The timetable is structured over a 40 hour week. Any given module can be spread throughout the week. For example, a particular module may have two hours of lectures in the week, the first on Monday at 10 am and the second on Thursday at 5 pm, with a tutorial on Wednesday at 2 pm

Therefore, in order to ensure that a module works for you, you should double-check the times by checking the module timetable search before signing up. Please note that those can change. 

Once you have registered for a module or modules, your individualised timetable will be available through your UCD Connect Account.

This is the online portal for students at UCD and is used to register for/change modules, check your timetable, your UCD email and pay fees. This (opens in a new window)UCD IT Services video explains how to log-in and use UCD Connect and SISWeb.

How do I get a student card?

As an Open Learner at UCD, you will receive a student card, which is also known as a 'UCard'. Your UCard is your official ID card whilst studying at UCD and can be used for a number of services on campus including access to the library and gym. (Information on how to collect your UCard).

The attendance requirement is determined by the Module Coordinator. The issue of attendance is relevant mainly to those who are taking the modules for assessment.

Yes, if you have experienced serious and unanticipated difficulties which adversely affected your studies as an Open Learner, you can apply for extenuating circumstances. Again, this mainly applies to those taking modules for credit.

The amount of time it takes to complete the Certificate or Diploma varies from student to student, depending on the credit workload.  Most Open Learners intending to use it as a pathway to a degree programme receive a Certificate after one year, completing three modules per semester, but it can be done over a longer period.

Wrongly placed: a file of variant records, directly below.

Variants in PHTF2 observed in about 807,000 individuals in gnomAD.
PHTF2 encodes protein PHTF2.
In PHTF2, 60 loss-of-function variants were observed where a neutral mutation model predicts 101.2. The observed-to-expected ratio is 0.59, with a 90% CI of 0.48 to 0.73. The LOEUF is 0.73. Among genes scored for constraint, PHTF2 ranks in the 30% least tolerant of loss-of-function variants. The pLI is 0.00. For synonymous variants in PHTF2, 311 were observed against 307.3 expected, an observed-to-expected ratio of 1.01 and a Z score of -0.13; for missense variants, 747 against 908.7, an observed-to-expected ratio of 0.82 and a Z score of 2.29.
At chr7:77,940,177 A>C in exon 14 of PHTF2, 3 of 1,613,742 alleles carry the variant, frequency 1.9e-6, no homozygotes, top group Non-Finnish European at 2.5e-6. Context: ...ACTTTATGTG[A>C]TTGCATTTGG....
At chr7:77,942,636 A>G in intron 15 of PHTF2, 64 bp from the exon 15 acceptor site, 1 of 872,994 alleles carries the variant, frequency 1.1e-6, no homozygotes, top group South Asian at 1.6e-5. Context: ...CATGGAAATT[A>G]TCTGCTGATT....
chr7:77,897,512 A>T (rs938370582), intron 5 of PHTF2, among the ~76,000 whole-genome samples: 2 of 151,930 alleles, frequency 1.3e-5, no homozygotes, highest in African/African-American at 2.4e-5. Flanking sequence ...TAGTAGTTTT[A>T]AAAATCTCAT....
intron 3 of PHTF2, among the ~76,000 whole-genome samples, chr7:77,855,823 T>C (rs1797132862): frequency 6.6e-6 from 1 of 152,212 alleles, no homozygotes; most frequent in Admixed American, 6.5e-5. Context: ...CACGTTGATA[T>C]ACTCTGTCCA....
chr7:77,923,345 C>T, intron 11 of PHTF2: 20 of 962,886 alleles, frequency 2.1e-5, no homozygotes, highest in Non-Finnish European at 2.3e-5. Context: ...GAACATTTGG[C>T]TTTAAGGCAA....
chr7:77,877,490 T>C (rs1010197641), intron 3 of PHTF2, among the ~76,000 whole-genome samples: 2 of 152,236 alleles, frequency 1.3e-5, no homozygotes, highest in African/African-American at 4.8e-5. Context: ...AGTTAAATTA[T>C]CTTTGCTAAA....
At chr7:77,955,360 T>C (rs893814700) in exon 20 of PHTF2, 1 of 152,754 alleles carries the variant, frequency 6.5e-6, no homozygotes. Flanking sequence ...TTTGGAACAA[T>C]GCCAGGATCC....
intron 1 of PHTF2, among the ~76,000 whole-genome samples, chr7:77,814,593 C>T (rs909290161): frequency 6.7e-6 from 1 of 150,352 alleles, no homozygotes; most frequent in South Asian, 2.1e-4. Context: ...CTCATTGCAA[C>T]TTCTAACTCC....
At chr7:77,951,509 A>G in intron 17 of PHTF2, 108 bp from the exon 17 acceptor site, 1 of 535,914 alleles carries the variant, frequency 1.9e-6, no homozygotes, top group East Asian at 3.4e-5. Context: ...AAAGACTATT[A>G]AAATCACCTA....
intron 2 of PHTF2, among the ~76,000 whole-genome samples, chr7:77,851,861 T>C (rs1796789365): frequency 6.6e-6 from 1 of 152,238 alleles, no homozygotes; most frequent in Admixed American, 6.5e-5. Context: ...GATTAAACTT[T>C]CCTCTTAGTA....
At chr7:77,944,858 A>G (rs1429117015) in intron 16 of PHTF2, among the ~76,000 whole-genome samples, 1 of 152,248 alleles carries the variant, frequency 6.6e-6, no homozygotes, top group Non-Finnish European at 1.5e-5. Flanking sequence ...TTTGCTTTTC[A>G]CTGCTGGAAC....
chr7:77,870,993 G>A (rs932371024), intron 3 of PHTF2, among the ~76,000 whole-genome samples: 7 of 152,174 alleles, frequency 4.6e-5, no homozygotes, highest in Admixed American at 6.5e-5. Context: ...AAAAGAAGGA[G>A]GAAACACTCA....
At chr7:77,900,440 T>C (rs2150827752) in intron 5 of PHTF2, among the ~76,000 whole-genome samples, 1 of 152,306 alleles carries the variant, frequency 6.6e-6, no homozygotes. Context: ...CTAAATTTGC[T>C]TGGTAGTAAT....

You can apply to have prior learning recognised for:

  • The purposes of admission into a UCD programme of study.
  • Credit applied toward a UCD programme of study.
  • Transfer into or between UCD programmes.

What this means for you as an Open Learning student is that:

  • You can only do a module once and cannot register to it again once you have passed it.
  • You cannot register to a module that is incompatible. You can establish how similar modules are by reviewing the module descriptors. We recommend that students familiarise themselves with the module descriptor for each module they are interested in taking. If two modules prove to be incompatible, Open Learning students will not be able to register to both modules.
  • You cannot submit assessments retrospectively. So, if you have completed a module for audit, you cannot decide to submit for assessment after the module is completed or the period for transferring from audit to credit has passed (three weeks after the start of the module).

If you are unsure of something or have any further questions please get in touch with us either by emailing jennifer.doyle@ucd.ie or all@ucd.ie